THE FRIENDS OF EDDIE COYLE (1973)
Directed by Peter Yates
With a prison sentence looming over his head, small time crook Eddie Coyle must choose between snitching on his bank robbing and gun supplying associates or facing a stretch inside.
Crime drama THE FRIENDS OF EDDIE COYLE tells the story of Eddie Coyle, a man with a criminal history who is once again facing jail. Despite this, he continues to partake in shady deals such as acquiring guns for his “friend” Jimmy Scalise who’s been robbing local banks with his crew. With his latest offence of being caught driving a van full of drugs, Eddie will do anything to avoid being sent down. Speaking to police officer Dave Foley, Eddie pleads for a good word to put in for him with the judge of New Hampshire who’s handling his case, but Dave wants something in return…
There’s not really much to the film from a narrative point of view. A bunch of criminals screwing each other over. Nothing new here, I hear you cry. Except this understated drama features the acting chops of Robert Mitchum, Peter Boyle, Alex Rocco, Richard Jordan and others who’s low-key yet strong character performances are what make this film so damn watchable.
Eddie, although a scumbag, is rather likable and it’s clear he’s had his fair share of dealings over the years. His battered hands with an extra set of knuckles are living proof of this. In his early 50’s, he knows prison will finish him off and hates the idea of his wife and kids being on welfare with him inside. However, grassing on his associates could be a step too far, especially if he doesn’t get off with the prison sentence or isn’t relocated with a new identity far away from his current location of Boston. Robert Mitchum is perfectly cast as the desperate old gun runner who’s out to better himself but wise enough to know not to cross anyone with power and influence.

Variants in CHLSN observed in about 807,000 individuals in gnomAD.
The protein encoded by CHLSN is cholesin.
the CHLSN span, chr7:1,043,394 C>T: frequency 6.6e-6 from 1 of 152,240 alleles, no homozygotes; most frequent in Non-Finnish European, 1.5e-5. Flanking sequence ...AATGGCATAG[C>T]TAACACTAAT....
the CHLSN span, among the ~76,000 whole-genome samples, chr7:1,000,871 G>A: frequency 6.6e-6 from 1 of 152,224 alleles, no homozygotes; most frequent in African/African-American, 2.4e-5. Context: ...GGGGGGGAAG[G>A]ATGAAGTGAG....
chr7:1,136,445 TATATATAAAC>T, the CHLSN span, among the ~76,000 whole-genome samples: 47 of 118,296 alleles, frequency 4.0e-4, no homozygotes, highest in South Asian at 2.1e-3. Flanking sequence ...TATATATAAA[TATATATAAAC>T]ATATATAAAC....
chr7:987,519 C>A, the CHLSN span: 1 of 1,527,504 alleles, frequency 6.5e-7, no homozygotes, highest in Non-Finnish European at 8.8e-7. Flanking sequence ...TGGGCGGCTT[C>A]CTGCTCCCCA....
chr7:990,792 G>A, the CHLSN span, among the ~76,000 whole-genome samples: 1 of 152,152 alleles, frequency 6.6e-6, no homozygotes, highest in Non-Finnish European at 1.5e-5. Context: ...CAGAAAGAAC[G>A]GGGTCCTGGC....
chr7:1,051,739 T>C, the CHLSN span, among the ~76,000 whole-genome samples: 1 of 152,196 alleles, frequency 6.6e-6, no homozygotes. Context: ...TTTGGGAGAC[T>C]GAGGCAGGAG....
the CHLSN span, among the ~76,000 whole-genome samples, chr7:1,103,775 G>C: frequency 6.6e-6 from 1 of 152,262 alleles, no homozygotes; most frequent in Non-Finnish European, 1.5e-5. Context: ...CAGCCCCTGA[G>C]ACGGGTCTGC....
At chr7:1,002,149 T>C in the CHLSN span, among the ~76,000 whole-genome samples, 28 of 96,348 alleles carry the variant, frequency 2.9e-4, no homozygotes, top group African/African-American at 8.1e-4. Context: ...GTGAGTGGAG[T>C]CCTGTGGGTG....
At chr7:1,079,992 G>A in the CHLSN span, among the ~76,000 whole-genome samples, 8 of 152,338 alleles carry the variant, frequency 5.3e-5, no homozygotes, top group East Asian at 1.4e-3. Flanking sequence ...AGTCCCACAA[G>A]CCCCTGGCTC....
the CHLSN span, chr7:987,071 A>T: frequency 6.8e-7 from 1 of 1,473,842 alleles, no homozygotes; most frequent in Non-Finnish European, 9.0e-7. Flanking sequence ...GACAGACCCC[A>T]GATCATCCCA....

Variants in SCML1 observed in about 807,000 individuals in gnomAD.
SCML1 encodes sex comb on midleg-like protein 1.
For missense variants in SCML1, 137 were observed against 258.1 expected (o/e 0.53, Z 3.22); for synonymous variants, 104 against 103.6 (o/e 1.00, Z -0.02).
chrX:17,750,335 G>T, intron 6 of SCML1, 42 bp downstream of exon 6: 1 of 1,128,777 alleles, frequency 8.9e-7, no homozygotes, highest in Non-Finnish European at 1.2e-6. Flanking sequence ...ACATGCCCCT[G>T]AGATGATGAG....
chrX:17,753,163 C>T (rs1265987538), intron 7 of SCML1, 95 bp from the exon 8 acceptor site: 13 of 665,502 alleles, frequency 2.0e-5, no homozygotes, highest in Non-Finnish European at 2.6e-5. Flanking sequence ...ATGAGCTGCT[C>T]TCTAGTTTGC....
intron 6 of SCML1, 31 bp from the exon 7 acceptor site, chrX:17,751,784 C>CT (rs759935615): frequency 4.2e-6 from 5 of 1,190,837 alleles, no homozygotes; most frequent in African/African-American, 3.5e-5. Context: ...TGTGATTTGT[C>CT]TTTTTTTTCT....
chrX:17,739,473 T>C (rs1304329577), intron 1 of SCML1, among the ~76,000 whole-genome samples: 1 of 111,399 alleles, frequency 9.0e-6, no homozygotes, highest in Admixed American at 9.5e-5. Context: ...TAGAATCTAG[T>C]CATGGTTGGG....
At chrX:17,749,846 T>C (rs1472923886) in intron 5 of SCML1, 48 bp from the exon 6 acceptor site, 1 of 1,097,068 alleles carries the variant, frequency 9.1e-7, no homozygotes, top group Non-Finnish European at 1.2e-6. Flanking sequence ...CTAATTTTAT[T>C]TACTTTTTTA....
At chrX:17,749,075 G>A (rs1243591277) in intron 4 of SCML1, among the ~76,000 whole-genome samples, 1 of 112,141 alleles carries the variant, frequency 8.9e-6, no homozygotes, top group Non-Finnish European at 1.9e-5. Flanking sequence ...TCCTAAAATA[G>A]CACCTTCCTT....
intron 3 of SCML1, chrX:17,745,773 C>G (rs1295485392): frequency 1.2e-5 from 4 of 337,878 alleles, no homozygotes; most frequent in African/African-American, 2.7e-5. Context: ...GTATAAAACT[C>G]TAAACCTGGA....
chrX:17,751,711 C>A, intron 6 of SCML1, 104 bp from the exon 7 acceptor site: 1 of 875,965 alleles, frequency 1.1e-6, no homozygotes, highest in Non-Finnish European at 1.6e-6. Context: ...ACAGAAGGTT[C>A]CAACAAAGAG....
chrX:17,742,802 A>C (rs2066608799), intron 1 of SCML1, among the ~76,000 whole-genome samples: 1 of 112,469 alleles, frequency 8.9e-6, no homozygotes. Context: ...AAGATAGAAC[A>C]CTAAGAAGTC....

Steven Keats is also a standout as gun supplier Jackie Brown. He’s a tad wet behind the ears but knows enough to deal with a pair of jokers who want to get their hands on some machine guns. Weapons as hot as these means Brown has to be careful… real careful.
THE FRIENDS OF EDDIE COYLE is very much centred on the characters and their relationships, detailing how one weak link can affect an entire chain and how much people around you can and can’t be trusted when their own life, including their family and livelihood, is threatened. The realism of how the events unfold is what draws the viewer in as we get an authentic taste of what the criminal world is like, even if these are more small time crooks than we’re used to seeing in movies. The slow-burn story which unfolds depicts the grim reality of what life would have been like during that particular time and place unlike these modern, glitzy re-imaginings which often glamourise criminality.
Eureka Entertainment have brought THE FRIENDS OF EDDIE COYLE to DVD and Blu-Ray in the UK for the first time in their dual format release which also includes an on-stage interview at over an hour long with the film’s director Peter Yates, a shorter interview with film critic Glenn Kenny and a 44 page booklet featuring a fascinating new essay on the film and an extensive interview with Peter Yates.
Hard-hitting and poignant at times, THE FRIENDS OF EDDIE COYLE is about as real as it gets.